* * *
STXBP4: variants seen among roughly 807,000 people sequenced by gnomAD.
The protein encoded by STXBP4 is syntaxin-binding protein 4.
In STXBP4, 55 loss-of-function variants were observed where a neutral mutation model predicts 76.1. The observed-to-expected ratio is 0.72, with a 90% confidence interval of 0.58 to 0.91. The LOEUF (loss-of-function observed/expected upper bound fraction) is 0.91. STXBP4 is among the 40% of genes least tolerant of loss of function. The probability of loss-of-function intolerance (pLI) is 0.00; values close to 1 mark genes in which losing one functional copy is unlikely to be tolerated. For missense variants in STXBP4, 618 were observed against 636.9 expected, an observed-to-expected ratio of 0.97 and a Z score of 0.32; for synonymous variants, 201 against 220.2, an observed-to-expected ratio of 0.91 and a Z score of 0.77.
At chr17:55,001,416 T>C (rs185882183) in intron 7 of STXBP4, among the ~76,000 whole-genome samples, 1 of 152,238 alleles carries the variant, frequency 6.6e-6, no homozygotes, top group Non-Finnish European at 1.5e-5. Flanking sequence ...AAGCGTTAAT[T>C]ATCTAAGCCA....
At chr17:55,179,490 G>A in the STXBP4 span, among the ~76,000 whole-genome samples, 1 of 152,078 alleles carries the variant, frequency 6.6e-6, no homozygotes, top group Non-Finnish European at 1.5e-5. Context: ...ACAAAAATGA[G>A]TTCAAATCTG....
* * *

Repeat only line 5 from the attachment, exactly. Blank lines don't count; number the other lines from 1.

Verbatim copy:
At chr17:55,179,490 G>A in the STXBP4 span, among the ~76,000 whole-genome samples, 1 of 152,078 alleles carries the variant, frequency 6.6e-6, no homozygotes, top group Non-Finnish European at 1.5e-5. Context: ...ACAAAAATGA[G>A]TTCAAATCTG....